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Review: Kepler and the Universe

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Kepler and the Universe: How One Man Revolutionized Astronomy
by David K. Love
Prometheus Books, 2015
hardcover, 253 pp., illus.
ISBN 978-1-63388-106-8

Johannes Kepler is remembered as one of the key figures in astronomy four centuries ago, primarily for his work refining out knowledge of planetary motion and showing how the Sun, and not the Earth, was at the center of the solar system. He’s remembers to this day for his three laws of planetary motion, and was enough of a figure in the annals of astronomy that NASA named a mission after him, a spacecraft that astronomers have used to discover thousand of planets around other stars.

Less well known, though, is Kepler the person, versus Kepler the historical astronomical figure. Kepler and the Universe, by Royal Astronomical Society member David Love, remedies that by examining both the person and his accomplishments. While certainly not the first biography of Kepler, this book provides a relatively concise and accessible examination of Kepler.

“It was a truly beautiful idea and the inspiration behind all his later work. Yet it was utterly and completely wrong.”

Kepler, an intelligent but sickly child, went to school with plans to become a Lutheran clergyman. But before he could finish his degree, he was assigned to another university as a math teacher, perhaps in part because of his interest in Copernicus and in Calvinism, both of which were frowned upon by Lutheran leaders. This set him on a path of being an itinerant scholar, moving from place to place throughout central Europe for the rest of his career, sometimes looking for funding or opportunities, other times being chased by the region’s religious strife and wars.

Kepler was inspired to pursue the research that would make him famous because, Love recalls, of a mistaken idea. While teaching a class, he saw a pattern of triangles inscribed between the orbits of Jupiter and Saturn. This led him to develop a model of the solar system where five perfect solids were placed between the orbits of the six known planets, which in turn led him to his discoveries of planetary motion—even though that model was terribly wrong.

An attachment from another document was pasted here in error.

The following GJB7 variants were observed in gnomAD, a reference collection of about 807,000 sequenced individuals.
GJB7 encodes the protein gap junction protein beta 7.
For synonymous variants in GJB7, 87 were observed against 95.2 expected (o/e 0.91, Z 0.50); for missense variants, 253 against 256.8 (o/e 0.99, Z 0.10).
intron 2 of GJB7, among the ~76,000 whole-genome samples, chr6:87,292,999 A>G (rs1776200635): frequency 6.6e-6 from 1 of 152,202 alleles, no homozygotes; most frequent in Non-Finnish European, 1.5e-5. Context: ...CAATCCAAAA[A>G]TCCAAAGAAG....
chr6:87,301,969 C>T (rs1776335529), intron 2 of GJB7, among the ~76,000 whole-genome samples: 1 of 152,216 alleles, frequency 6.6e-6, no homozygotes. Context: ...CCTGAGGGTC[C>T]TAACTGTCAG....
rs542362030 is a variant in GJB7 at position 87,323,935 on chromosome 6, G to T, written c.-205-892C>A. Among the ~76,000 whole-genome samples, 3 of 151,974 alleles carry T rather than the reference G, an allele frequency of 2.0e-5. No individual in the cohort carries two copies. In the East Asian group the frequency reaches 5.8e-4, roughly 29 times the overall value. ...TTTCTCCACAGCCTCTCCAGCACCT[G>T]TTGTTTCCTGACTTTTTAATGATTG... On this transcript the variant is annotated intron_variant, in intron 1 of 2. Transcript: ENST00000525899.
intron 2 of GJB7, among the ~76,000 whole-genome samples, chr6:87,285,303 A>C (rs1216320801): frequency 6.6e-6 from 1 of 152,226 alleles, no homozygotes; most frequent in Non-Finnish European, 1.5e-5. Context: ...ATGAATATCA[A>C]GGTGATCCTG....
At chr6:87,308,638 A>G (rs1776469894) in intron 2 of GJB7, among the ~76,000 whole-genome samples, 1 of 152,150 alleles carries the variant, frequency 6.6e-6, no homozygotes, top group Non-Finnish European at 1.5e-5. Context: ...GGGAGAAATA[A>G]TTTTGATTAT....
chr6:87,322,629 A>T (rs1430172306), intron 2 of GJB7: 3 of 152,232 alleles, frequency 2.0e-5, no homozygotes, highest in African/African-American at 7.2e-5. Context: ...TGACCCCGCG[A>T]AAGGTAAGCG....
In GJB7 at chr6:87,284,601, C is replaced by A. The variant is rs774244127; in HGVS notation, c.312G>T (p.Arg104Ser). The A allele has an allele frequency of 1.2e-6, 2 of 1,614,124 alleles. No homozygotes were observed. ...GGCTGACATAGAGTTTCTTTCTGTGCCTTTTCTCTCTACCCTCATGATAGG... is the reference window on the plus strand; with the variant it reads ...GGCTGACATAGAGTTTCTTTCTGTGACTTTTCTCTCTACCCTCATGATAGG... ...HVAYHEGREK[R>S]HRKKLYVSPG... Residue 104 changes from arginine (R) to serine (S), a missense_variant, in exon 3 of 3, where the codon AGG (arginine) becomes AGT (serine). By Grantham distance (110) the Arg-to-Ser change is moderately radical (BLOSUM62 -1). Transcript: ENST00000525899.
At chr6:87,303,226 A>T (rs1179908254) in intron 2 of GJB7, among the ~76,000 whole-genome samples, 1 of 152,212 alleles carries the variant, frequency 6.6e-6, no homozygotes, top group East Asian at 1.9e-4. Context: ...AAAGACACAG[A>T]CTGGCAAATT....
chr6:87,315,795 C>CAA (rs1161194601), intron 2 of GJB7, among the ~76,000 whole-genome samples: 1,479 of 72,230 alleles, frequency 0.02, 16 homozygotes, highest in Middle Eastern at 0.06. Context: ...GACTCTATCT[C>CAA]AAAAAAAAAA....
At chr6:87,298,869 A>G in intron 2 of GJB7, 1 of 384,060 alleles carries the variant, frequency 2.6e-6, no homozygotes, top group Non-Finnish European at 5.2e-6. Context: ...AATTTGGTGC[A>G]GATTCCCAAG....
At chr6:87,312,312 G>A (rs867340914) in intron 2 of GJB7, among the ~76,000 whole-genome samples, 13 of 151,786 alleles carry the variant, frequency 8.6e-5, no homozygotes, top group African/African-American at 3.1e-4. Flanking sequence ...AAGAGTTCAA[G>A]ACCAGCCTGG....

“This was is big idea. The idea was to be central in guiding him for the rest of his highly productive life and was one he never abandoned,” Love writes. “It was a truly beautiful idea and the inspiration behind all his later work. Yet it was utterly and completely wrong.”

Love follows that later work, including Kepler’s work with Tycho Brahe, who had the detailed observations Kepler needed for his models. The book is a mix of both Kepler’s scientific work and his life story, with enough explanation about the former to help those with little background in astronomy, and enough details about the latter to interest for those already familiar with Kepler’s scientific contributions.

At a little over 200 pages, plus endnotes and references, Kepler and the Universe is a compact and interesting story about Kepler the man, and Kepler the historical scientific figure. The book provides a reminder of the fallacies at the heart of every person, even major historical figures, and how even faulty ideas, like his vision of perfect solids explaining the arrangement of the solar system, can serve as the inspiration for great advances in knowledge.